POLITICS
06/04/2019 17:25 EDT

Ontario PCs Are Misleading Voters On Endangered Species Law: Environmentalist

“Any MPP who actually believes this nonsense needs to wake up right now.”

Christopher Katsarov/Canadian Press
Ontario Environment Minister Rod Phillips speaks at a car dealership in Toronto on April 1, 2019. 

TORONTO — Ontario’s Progressive Conservative government is “misleading” the public about the impact of its changes to the Endangered Species Act, an environmentalist told reporters Tuesday.

Ontario Nature’s director of conservation Anne Bell disputes PC MPPs who say their amendments improve the law that protects endangered species.

“That is simply not true,” she said at a press conference.

“Any MPP that has been saying this is misleading the public. And any MPP who actually believes this nonsense needs to wake up right now.”

HuffPost Canada
NDP MPP Ian Arthur, Liberal MPP Nathalie Des Rosier, Green MPP Mike Schreiner, Ontario Nature's Anne Bell and Windmill Development's Alex Spiegel hold a press conference at Queen's Park on Tuesday.

Bell joined NDP, Liberal and Green MPPs to voice concern about the environmental impacts of the government’s major housing bill. They said the More Homes, More Choice Act, which makes amendments to a slew of environmental laws, will strip protections for endangered animals and make it harder for conservation authorities to prevent flooding.

The Progressive Conservative government introduced the law, Bill 108, in May. Bill 108 limits the mandate of conservation authorities and makes sweeping changes to the Endangered Species Act. It is expected to pass its final reading and become law by Thursday, when MPPs rise for their summer break.

Species become endangered in Ontario when they’re listed by the Committee on the Status of Species at Risk in Ontario (COSSARO), an independent committee of experts with scientific expertise or traditional Indigenous knowledge.

Bill 108 will let a government minister limit protections for endangered species, delay protections for three years after a species is listed and ask COSSARO to reconsider its classifications.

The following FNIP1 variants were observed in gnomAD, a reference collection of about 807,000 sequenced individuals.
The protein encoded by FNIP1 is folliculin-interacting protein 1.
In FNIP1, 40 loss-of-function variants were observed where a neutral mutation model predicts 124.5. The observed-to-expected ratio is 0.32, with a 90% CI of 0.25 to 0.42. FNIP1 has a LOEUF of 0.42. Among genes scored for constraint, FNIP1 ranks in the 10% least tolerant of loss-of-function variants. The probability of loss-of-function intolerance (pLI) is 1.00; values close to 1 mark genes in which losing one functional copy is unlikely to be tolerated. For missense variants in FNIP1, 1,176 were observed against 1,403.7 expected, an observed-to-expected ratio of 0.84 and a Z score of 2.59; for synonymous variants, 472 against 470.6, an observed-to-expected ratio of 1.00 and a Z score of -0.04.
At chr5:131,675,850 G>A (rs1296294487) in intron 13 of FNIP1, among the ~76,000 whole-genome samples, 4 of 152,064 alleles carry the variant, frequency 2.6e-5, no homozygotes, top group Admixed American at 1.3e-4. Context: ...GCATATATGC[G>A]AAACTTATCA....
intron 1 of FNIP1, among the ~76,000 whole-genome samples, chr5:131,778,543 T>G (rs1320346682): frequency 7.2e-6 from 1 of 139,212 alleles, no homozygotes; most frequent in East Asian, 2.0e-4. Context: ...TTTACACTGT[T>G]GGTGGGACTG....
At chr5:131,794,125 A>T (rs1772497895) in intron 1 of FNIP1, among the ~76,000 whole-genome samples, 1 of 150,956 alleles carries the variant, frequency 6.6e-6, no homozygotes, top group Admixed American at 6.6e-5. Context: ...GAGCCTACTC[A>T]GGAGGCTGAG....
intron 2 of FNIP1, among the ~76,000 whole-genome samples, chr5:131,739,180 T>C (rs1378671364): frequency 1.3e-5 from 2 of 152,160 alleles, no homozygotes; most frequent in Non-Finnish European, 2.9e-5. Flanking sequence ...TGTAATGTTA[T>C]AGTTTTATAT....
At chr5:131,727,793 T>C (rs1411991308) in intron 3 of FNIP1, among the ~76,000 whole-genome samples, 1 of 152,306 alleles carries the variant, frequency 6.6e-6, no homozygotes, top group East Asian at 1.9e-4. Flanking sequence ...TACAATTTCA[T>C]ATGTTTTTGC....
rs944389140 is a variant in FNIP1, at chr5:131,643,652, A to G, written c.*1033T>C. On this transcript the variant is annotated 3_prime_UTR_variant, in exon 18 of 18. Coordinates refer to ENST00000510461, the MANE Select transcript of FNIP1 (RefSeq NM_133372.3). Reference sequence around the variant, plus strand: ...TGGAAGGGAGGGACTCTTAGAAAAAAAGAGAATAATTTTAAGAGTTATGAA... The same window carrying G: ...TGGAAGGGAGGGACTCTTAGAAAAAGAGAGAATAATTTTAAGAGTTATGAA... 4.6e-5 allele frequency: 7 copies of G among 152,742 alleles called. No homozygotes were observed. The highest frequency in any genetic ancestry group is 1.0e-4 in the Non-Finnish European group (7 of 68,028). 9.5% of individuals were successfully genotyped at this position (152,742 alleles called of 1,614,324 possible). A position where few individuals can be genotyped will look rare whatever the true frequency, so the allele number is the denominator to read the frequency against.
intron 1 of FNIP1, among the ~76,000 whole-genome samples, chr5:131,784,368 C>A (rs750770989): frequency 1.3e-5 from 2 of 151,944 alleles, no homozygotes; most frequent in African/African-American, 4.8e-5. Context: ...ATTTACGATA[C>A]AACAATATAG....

It will also let companies pay into a “conservation fund” in exchange for permission to break Section 9 of the Endangered Species Act. That section prohibits killing, capturing, harassing, buying and selling endangered animals.

Changes will modernize the law, minister says

Environment Minister Rod Phillips said the provision creates a new “opportunity” for developers that want to protect habitats and also fund research.

The changes “modernize” the Endangered Species Act, he told reporters Tuesday.

“This is still going to remain a science-based process,” Phillips said. “I think it’s an improved act.” 

This is still going to remain a science-based process.Minister Rod Phillips

Bell argued that the changes defeat the act’s purpose.

“The Endangered Species Act will be a hollow shell of its former self. It will be pretty much useless in addressing the ongoing decline of endangered species.”

MPPs at the press conference called on cabinet ministers to pause voting on the bill until more public consultation can be done.

The bill is “being rammed through the legislature with little debate or stakeholder input,” NDP environment critic Ian Arthur said.

“All of this is at a time when Earth is facing a human-caused mass extinction of species that will only accelerate as the climate crisis grows.”

Minister of Housing Steve Clark told reporters that he did enough consultation.

“We’ve been consulting on the housing supply action plan for many months,” Clark said.

“We received over 2,000 submissions. Eighty-five per cent of them were from the general public. We’ve had a robust consultation on this bill.”

Last week, Clark received two letters asking him to delay implementation of Bill 108. One letter was signed by 80 mayors, city councillors and environmental advocates and the other was signed by 75 scientists.

Canadian Press
Ontario Premier Doug Ford and Housing Minister Steve Clark attend a press conference on Sept. 10, 2018 in Toronto.

Conservation Ontario, the non-profit association that represents conservation authorities, has called on the government to make changes to the bill before passing it.

The law will make it harder for authorities to prevent floods, protect drinking water and help communities adapt to climate change, the group wrote in a blog.

Bill 108 limits the work of conservation authorities by deeming which of their tasks are “mandatory.” Conserving the lands they own is mandatory, but conserving nature and natural resources in general is not mandatory in the current bill.

At a committee hearing on Friday, Conservation Ontario’s general manager Kim Gavine asked the government to add “conserving natural resources” to the “mandatory” list. NDP and Liberal MPPs moved amendments to do just that, but PC MPPs rejected them.

Phillips told HuffPost that conservation authorities will continue to protect the environment by working on the tasks his government has deemed mandatory: work around natural hazards, conserving the land they own, protecting source water and protecting Lake Simcoe.

“Those are all critical to preserving our environment,” he said.

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